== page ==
Rent to own unionism?

Abstract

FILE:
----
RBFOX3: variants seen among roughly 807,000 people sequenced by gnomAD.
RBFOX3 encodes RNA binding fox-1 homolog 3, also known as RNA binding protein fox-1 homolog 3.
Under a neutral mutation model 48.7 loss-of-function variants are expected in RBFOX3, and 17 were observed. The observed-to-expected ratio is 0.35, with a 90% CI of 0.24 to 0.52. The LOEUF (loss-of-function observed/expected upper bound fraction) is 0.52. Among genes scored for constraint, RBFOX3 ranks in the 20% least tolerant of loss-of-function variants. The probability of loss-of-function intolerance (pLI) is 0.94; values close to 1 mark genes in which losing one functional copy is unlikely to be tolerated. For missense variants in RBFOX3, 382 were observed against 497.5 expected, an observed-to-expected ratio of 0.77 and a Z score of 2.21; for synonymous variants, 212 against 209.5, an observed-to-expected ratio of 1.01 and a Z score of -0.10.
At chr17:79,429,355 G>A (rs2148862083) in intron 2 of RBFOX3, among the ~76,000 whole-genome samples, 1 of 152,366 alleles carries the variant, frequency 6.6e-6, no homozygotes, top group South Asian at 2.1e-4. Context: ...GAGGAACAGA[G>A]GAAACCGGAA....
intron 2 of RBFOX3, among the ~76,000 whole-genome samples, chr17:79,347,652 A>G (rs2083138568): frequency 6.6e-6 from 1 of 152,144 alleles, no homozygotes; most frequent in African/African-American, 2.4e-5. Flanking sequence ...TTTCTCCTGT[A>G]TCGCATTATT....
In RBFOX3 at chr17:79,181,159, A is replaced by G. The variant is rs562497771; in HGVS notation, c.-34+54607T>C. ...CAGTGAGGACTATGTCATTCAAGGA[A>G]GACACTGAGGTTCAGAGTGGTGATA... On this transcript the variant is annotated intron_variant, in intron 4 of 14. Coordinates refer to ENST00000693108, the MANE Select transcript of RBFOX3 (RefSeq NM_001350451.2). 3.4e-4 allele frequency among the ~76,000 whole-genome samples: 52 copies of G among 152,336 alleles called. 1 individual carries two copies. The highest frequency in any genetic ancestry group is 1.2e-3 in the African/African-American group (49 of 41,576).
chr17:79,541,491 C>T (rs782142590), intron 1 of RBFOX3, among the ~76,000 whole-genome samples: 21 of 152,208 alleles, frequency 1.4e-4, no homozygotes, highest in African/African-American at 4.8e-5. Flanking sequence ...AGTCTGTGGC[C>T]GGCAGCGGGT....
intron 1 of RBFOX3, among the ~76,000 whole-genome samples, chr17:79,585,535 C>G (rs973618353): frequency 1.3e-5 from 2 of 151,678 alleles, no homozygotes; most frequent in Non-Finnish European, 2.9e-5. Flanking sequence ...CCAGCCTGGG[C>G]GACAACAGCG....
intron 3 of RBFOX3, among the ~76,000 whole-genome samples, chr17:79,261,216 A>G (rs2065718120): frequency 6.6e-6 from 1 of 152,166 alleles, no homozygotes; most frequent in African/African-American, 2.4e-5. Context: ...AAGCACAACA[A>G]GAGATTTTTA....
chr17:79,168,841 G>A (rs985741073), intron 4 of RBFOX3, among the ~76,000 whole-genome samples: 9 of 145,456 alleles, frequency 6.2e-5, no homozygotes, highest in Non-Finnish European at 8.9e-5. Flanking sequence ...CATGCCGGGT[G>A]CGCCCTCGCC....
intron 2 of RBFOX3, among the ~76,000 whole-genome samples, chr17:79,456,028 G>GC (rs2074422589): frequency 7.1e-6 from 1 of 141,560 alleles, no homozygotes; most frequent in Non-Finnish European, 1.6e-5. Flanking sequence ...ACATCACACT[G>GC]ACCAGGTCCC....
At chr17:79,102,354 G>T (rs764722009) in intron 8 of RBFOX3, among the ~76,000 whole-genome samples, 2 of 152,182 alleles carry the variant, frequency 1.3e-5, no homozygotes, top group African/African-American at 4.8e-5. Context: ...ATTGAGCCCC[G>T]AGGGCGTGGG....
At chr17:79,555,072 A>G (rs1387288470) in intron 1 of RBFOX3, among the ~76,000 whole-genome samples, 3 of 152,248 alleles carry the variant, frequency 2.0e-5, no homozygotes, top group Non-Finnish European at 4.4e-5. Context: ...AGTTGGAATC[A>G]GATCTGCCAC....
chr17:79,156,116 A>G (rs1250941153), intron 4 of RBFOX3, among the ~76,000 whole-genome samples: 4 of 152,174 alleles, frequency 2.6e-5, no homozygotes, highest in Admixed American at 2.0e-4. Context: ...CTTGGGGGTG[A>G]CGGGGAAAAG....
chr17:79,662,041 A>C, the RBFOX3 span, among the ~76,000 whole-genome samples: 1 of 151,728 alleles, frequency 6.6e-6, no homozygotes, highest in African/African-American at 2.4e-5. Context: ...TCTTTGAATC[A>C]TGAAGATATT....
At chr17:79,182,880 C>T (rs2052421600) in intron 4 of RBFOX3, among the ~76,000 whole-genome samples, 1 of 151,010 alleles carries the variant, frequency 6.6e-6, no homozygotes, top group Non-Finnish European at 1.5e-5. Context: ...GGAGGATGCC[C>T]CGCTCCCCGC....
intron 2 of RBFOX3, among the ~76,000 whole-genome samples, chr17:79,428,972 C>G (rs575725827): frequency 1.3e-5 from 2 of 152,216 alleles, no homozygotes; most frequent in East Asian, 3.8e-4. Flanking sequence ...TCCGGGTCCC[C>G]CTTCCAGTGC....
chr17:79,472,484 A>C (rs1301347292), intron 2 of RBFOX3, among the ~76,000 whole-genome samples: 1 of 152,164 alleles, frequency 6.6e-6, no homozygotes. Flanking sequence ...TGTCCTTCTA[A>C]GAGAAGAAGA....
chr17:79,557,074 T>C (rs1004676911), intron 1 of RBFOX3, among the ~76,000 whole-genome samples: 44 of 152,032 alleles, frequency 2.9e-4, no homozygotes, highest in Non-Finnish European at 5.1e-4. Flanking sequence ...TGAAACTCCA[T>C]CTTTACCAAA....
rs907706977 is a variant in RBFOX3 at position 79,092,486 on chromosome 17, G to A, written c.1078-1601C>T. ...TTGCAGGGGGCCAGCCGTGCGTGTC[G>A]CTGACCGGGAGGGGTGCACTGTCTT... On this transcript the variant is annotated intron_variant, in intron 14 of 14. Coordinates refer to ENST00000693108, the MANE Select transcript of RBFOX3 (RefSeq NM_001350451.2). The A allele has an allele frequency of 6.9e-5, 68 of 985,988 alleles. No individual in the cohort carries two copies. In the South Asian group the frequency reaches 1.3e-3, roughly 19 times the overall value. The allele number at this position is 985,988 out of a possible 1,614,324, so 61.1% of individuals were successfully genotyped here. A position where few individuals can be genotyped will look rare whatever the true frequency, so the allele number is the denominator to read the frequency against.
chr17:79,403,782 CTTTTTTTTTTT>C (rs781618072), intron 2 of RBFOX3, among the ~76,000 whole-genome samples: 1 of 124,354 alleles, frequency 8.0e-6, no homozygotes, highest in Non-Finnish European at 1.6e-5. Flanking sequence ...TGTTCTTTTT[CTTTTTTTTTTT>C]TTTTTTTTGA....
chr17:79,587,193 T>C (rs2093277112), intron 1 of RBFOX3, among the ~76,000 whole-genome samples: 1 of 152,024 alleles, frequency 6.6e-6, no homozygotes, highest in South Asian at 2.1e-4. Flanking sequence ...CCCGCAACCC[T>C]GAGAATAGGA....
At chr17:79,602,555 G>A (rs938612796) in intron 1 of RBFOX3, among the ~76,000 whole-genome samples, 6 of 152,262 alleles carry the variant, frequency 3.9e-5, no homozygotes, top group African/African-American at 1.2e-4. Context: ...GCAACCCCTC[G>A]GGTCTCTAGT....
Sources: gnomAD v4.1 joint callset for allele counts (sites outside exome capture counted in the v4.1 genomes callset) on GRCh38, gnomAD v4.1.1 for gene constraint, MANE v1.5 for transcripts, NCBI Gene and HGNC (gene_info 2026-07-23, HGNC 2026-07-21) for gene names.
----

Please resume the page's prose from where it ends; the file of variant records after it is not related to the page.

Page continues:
In "Information and the Market for Union Representation," (94 Va. L. Rev. 1 (2008)) Professor Matthew Bodie provides an instructive framework for addressing information deficiencies in union elections. His consumer or "purchase of services" paradigm is apt and well illustrates the shortcomings of the more dominant approaches to elections. The extent to which this paradigm should drive the National Labor Relations Board's (NLRB) regulation of union elections is less obvious. The best fit with Bodie's consumer paradigm appears to be a system in which employees can easily designate a union as their representative, yet can just as easily get rid of the union. In other words, employees, like many other consumers, could purchase union services with the knowledge that they can easily change their mind later. It is not clear, however, whether the benefits associated with that "Rent To Own" model are worth its costs. Bodie's consumer paradigm provides a valuable insight into the information deficiencies implicated by union elections. At a minimum, this model should inform the NLRB's regulation of union elections. Yet relying on the model too much could lead to more problems than it is worth. Identifying the most effective middle ground between these concerns is difficult; indeed, such ground may not exist. Despite this uncertainty, Bodie's consumer paradigm serves an important role, as it provides further evidence that the NLRB's current governance of elections is in dire need of reform and establishes itself as a essential factor in any future attempts at reform.
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